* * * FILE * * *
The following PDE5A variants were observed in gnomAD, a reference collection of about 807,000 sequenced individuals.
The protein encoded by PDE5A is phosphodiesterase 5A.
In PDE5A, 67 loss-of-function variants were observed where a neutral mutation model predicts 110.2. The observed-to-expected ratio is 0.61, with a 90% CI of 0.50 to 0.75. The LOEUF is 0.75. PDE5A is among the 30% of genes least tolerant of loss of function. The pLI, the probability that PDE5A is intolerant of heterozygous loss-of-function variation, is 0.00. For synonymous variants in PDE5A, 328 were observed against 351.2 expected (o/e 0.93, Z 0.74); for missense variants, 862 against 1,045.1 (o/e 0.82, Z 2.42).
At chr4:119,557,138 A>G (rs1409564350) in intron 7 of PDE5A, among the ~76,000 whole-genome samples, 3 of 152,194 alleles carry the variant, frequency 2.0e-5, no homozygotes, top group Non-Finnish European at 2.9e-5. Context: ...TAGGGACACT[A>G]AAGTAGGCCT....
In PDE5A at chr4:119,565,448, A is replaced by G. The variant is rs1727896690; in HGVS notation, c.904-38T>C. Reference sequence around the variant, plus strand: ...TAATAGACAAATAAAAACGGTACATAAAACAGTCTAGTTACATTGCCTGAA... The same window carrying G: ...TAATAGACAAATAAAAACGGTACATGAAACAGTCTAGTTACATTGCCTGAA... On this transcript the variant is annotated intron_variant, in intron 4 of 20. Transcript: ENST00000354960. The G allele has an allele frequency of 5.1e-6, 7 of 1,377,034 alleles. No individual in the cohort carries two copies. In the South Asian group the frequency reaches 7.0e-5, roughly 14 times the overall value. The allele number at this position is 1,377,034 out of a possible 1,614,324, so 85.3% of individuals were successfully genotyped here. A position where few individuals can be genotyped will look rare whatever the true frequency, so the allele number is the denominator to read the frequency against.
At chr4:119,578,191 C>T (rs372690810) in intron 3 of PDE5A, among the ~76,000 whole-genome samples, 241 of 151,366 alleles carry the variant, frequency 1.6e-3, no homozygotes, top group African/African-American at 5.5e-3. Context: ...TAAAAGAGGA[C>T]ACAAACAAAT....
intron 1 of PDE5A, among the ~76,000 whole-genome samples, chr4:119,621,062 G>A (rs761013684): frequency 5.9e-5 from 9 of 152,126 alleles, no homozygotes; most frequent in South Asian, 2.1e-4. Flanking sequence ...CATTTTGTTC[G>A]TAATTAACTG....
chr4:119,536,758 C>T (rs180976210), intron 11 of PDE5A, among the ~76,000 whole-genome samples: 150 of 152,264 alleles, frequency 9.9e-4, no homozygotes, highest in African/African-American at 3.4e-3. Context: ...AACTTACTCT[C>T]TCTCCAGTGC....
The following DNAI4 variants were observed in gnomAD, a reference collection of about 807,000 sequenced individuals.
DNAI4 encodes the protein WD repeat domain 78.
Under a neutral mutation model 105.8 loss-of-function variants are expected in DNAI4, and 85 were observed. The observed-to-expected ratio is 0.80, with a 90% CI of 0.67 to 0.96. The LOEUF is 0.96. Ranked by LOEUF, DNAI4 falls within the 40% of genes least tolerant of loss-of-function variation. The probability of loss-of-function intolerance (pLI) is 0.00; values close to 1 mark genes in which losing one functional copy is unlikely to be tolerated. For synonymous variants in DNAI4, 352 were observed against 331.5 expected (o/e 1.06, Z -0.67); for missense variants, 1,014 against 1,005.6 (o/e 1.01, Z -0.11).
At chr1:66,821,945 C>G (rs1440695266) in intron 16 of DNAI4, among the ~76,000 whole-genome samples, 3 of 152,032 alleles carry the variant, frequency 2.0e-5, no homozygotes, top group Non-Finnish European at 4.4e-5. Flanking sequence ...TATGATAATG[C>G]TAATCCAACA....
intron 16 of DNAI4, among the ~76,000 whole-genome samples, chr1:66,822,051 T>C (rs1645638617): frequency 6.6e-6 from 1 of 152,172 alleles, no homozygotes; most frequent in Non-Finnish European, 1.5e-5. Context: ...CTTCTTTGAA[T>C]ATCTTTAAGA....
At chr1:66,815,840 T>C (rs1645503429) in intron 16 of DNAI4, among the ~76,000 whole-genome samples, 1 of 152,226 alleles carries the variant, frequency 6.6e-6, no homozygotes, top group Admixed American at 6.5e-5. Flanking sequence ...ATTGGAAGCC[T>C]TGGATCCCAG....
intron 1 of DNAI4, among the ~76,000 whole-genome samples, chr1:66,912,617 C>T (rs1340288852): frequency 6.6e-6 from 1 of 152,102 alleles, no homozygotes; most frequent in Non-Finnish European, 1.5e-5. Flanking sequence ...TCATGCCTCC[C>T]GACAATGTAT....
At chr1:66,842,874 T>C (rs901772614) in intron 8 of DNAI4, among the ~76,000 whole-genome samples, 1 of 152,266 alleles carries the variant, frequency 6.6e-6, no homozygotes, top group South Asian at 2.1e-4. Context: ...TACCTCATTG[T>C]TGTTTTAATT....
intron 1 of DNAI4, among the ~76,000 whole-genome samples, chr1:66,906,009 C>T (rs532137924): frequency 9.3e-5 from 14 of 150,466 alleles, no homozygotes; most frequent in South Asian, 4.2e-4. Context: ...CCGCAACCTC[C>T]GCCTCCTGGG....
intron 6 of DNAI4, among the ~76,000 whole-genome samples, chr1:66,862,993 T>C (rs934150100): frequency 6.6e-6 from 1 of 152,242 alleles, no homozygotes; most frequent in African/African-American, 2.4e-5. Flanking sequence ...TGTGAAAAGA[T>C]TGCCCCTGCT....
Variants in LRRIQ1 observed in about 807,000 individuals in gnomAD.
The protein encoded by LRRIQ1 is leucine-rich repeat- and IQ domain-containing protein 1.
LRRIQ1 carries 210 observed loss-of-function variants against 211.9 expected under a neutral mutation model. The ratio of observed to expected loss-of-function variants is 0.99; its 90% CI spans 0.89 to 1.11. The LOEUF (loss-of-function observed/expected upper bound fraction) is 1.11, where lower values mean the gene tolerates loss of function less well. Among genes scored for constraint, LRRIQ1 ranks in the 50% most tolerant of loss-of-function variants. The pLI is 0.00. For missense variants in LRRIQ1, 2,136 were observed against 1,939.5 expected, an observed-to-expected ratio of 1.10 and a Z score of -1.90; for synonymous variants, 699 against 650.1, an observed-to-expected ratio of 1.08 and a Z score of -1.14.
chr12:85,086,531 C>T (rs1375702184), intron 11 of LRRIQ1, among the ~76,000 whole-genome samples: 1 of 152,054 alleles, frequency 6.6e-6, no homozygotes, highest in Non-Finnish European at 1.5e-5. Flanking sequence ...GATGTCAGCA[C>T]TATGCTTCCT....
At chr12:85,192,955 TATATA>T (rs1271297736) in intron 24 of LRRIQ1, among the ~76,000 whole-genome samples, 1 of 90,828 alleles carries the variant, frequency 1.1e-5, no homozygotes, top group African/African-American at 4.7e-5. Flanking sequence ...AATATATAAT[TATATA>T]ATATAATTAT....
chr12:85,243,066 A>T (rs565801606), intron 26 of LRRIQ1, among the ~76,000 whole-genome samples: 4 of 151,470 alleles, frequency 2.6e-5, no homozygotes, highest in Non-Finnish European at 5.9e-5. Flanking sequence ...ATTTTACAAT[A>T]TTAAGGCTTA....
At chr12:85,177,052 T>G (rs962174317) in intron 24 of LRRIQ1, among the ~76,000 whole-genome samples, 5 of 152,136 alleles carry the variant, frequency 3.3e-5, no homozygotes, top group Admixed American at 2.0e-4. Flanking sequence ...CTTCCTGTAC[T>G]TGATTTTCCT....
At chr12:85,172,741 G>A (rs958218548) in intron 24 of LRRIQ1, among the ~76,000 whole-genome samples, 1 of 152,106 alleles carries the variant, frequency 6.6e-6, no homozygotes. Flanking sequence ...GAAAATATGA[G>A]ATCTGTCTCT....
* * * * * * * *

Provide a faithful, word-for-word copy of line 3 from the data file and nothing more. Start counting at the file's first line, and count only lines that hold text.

In PDE5A, 67 loss-of-function variants were observed where a neutral mutation model predicts 110.2. The observed-to-expected ratio is 0.61, with a 90% CI of 0.50 to 0.75. The LOEUF is 0.75. PDE5A is among the 30% of genes least tolerant of loss of function. The pLI, the probability that PDE5A is intolerant of heterozygous loss-of-function variation, is 0.00. For synonymous variants in PDE5A, 328 were observed against 351.2 expected (o/e 0.93, Z 0.74); for missense variants, 862 against 1,045.1 (o/e 0.82, Z 2.42).